When the Rolling Stones Tried an Update on ‘Bridges to Babylon’
"There is a great danger when you've done all these albums ... that you think you know how to make a record," Jagger told the San Francisco Examiner in 1997. "Someone writes a song and there is something in the song that you recognize: 'Oh, I know what that is. That's like [1968's] "No Expectation" [from Beggar's Banquet]. I know how to do that. I'll get my slide guitar.' I don't want to do that first thing that comes to mind."
Worried about sounding too much like themselves after succumbing to a kind of easy classicism on 1994's Voodoo Lounge, the Rolling Stones ended up going too far the other way. That meant bringing in then-hip producers John King and Mike Simpson. Known professionally as the Dust Brothers, they'd most recently been working with Beck.
"Anybody Seen My Baby," the lead-off single, was doomed to parody by their decision to include a sample of Biz Markie's 1986 track "One Two." Deep cuts like "Might as Well Get Juiced" suffered too, as its generically electronic backing track felt somehow both relentless and largely without detail. Hiding somewhere within this tune is something that could have harkened back to the edgy smack-laced danger of 1972's Exile on Main St. The loop-driven "Saint of Me," written in tribute to their late long-time sideman Billy Preston, suffers a similar fate. It's a pretty good Stones song lost in a maze of studio tricks.
Jagger even brought in the sleek R&B producer Babyface to work on "Already Over Me" at one point, before discarding the tapes. Perhaps unsurprisingly, Bridges to Babylon tended to come off like an utterly bloodless detour away from everything that once made the Rolling Stones interesting in the first place.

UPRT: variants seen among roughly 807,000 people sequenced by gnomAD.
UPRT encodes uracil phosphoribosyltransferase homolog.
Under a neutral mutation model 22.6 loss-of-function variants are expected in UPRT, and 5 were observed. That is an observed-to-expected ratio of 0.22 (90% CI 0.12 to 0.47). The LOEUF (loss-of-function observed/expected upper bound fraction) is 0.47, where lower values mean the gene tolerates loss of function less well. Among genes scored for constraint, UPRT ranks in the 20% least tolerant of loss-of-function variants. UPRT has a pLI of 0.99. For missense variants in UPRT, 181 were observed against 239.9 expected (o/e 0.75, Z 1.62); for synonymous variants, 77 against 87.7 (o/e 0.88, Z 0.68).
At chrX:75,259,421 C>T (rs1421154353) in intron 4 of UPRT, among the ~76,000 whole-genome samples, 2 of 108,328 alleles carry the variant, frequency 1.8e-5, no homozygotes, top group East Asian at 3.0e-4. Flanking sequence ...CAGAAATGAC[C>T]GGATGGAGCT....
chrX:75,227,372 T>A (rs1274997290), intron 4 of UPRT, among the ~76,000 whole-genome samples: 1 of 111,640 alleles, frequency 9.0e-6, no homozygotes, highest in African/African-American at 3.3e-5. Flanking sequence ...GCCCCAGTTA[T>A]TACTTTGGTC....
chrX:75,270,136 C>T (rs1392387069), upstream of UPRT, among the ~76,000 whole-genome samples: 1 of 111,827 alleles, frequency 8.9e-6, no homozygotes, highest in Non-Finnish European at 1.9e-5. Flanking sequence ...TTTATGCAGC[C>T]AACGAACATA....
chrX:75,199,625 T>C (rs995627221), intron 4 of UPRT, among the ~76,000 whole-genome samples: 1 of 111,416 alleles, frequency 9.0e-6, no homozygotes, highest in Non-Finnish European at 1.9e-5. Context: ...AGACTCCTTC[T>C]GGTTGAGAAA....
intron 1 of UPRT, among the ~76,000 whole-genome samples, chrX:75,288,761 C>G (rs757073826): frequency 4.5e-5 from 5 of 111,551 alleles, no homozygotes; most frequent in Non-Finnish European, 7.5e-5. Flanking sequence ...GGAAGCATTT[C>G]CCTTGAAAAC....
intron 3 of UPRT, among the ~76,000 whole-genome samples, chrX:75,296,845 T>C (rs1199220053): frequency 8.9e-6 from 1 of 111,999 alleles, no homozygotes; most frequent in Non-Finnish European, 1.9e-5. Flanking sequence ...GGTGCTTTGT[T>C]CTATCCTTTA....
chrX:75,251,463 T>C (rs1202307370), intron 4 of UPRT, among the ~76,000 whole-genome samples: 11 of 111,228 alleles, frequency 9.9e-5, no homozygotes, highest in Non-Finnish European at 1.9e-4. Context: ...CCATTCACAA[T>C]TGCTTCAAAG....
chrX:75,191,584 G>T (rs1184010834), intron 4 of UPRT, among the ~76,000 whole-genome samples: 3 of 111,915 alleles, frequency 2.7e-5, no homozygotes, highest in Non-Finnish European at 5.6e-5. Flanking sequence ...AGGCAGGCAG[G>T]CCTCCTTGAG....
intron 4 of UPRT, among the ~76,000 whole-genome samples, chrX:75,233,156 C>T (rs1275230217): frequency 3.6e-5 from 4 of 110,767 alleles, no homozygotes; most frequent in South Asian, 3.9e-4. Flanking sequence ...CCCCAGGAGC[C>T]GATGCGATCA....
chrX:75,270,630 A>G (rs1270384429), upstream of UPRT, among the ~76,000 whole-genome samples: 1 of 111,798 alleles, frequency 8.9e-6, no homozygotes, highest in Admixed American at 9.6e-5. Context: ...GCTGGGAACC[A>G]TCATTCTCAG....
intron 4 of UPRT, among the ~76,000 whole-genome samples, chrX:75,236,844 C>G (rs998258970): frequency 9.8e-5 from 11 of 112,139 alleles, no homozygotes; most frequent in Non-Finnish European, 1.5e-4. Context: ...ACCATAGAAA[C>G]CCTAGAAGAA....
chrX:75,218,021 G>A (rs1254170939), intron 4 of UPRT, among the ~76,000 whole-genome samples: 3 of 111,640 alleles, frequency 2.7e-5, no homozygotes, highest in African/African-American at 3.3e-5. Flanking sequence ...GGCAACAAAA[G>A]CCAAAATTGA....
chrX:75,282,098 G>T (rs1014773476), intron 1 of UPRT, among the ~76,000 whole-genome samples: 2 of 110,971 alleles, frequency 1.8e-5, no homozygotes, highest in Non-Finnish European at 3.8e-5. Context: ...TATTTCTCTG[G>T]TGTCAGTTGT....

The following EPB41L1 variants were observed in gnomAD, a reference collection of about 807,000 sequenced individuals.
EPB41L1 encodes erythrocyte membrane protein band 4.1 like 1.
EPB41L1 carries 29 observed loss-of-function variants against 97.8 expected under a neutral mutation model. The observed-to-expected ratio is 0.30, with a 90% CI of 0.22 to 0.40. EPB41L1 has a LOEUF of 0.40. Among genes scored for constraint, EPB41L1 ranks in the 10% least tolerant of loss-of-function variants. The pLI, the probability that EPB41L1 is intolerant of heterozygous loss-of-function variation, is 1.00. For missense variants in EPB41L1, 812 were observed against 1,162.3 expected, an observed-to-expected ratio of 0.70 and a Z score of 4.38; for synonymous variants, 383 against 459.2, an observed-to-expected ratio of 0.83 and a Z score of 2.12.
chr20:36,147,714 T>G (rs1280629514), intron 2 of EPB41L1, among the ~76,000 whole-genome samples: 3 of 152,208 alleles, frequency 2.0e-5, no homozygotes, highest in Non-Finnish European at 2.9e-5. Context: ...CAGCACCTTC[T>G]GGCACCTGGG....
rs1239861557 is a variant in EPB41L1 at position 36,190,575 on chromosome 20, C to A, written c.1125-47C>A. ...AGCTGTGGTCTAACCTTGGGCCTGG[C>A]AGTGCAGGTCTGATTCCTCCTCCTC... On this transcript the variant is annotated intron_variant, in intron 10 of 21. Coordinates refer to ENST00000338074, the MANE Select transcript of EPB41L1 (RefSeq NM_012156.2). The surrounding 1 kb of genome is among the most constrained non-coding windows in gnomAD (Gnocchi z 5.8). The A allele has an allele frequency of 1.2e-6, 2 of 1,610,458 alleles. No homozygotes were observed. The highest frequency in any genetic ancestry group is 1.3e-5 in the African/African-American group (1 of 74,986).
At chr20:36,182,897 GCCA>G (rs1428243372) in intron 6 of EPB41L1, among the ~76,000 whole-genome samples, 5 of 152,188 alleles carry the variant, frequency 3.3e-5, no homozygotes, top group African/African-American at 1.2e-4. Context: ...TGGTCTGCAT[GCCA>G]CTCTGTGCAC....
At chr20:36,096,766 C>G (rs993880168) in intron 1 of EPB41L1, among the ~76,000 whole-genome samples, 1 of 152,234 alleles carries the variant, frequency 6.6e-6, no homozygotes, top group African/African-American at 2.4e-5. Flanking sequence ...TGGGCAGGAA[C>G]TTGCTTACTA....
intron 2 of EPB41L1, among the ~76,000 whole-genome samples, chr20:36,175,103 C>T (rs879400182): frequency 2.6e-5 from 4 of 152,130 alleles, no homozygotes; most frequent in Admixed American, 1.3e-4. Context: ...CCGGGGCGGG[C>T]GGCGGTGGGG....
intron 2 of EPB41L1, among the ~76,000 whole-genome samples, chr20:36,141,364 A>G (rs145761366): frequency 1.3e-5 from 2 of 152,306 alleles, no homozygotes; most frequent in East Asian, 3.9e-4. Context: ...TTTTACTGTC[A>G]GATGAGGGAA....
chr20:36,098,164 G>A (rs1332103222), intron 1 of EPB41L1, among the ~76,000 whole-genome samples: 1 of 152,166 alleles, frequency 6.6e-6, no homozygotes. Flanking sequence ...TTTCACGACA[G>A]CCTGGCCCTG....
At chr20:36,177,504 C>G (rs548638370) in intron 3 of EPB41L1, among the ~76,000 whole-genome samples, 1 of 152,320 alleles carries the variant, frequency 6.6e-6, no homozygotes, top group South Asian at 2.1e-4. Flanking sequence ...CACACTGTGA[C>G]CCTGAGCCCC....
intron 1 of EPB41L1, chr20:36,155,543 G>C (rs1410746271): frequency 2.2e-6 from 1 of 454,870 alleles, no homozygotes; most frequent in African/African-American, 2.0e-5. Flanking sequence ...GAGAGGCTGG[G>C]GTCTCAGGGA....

"It's full of fance – that's funk and dance put together," guitarist Ron Wood enthused in a 1997 talk with the Augusta Chronicle. Fans were less enthusiastic, as the album became the Rolling Stones' first ever – including 1986's lightly regarded Dirty Work – to finish outside the U.K. Top 5. Bridges to Babylon ended up selling a million copies, but that was far less than the multi-platinum sales of their two most recent studio projects.
You could hardly blame Keith Richards. Favoring an abandoned back-to-basics approach, he ended up contributing some of his strongest material, and simply stayed well away from the more modernized stuff. Waddy Wachtel, the ace Los Angeles session guitarist, sat in on "Anybody Seen My Baby," which was rumored to have been about actress Mary Badham of To Kill a Mockingbird fame. Richards doesn't even appear on "Saint of Me."
He claimed there were no hard feelings, despite early reports of tensions in the studio. "You always have to deal with other people's preconceptions of what their version of the Stones is – and we can't be everything to everybody," Richards told the San Diego Union-Tribune in 1998. "All we can do is be true to ourselves as much as possible, and say, 'This is us now, take it or leave it.'"
Watch the Rolling Stones Perform 'Saint of Me'